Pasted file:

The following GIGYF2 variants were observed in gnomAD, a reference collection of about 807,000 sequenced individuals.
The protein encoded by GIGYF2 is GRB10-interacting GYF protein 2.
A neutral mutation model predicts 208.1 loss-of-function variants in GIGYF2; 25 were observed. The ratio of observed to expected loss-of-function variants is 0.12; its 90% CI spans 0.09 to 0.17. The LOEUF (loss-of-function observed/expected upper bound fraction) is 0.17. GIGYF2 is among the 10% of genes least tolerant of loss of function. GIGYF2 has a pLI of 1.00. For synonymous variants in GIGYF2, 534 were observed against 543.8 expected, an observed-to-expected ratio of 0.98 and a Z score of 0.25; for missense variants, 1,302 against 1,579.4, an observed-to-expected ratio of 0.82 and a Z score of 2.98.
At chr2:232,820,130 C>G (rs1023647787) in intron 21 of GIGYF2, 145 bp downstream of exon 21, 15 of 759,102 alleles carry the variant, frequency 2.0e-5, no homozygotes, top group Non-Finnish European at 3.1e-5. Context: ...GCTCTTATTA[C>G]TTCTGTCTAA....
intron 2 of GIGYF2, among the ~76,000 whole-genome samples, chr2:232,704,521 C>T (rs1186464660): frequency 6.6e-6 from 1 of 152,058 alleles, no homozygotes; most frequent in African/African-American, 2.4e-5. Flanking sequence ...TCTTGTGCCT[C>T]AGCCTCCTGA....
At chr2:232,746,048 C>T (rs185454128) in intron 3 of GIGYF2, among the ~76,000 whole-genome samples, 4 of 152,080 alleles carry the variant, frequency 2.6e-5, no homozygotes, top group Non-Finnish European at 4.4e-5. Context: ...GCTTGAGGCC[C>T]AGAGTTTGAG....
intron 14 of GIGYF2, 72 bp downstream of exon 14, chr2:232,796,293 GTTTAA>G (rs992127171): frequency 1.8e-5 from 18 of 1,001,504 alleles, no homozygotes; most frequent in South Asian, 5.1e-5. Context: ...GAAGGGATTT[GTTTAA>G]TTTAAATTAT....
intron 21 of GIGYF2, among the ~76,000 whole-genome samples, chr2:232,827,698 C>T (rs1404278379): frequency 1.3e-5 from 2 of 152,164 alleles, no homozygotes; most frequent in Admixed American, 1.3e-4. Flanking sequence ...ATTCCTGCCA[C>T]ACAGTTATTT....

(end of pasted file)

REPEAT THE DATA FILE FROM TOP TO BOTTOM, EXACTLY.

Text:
The following GIGYF2 variants were observed in gnomAD, a reference collection of about 807,000 sequenced individuals.
The protein encoded by GIGYF2 is GRB10-interacting GYF protein 2.
A neutral mutation model predicts 208.1 loss-of-function variants in GIGYF2; 25 were observed. The ratio of observed to expected loss-of-function variants is 0.12; its 90% CI spans 0.09 to 0.17. The LOEUF (loss-of-function observed/expected upper bound fraction) is 0.17. GIGYF2 is among the 10% of genes least tolerant of loss of function. GIGYF2 has a pLI of 1.00. For synonymous variants in GIGYF2, 534 were observed against 543.8 expected, an observed-to-expected ratio of 0.98 and a Z score of 0.25; for missense variants, 1,302 against 1,579.4, an observed-to-expected ratio of 0.82 and a Z score of 2.98.
At chr2:232,820,130 C>G (rs1023647787) in intron 21 of GIGYF2, 145 bp downstream of exon 21, 15 of 759,102 alleles carry the variant, frequency 2.0e-5, no homozygotes, top group Non-Finnish European at 3.1e-5. Context: ...GCTCTTATTA[C>G]TTCTGTCTAA....
intron 2 of GIGYF2, among the ~76,000 whole-genome samples, chr2:232,704,521 C>T (rs1186464660): frequency 6.6e-6 from 1 of 152,058 alleles, no homozygotes; most frequent in African/African-American, 2.4e-5. Flanking sequence ...TCTTGTGCCT[C>T]AGCCTCCTGA....
At chr2:232,746,048 C>T (rs185454128) in intron 3 of GIGYF2, among the ~76,000 whole-genome samples, 4 of 152,080 alleles carry the variant, frequency 2.6e-5, no homozygotes, top group Non-Finnish European at 4.4e-5. Context: ...GCTTGAGGCC[C>T]AGAGTTTGAG....
intron 14 of GIGYF2, 72 bp downstream of exon 14, chr2:232,796,293 GTTTAA>G (rs992127171): frequency 1.8e-5 from 18 of 1,001,504 alleles, no homozygotes; most frequent in South Asian, 5.1e-5. Context: ...GAAGGGATTT[GTTTAA>G]TTTAAATTAT....
intron 21 of GIGYF2, among the ~76,000 whole-genome samples, chr2:232,827,698 C>T (rs1404278379): frequency 1.3e-5 from 2 of 152,164 alleles, no homozygotes; most frequent in Admixed American, 1.3e-4. Flanking sequence ...ATTCCTGCCA[C>T]ACAGTTATTT....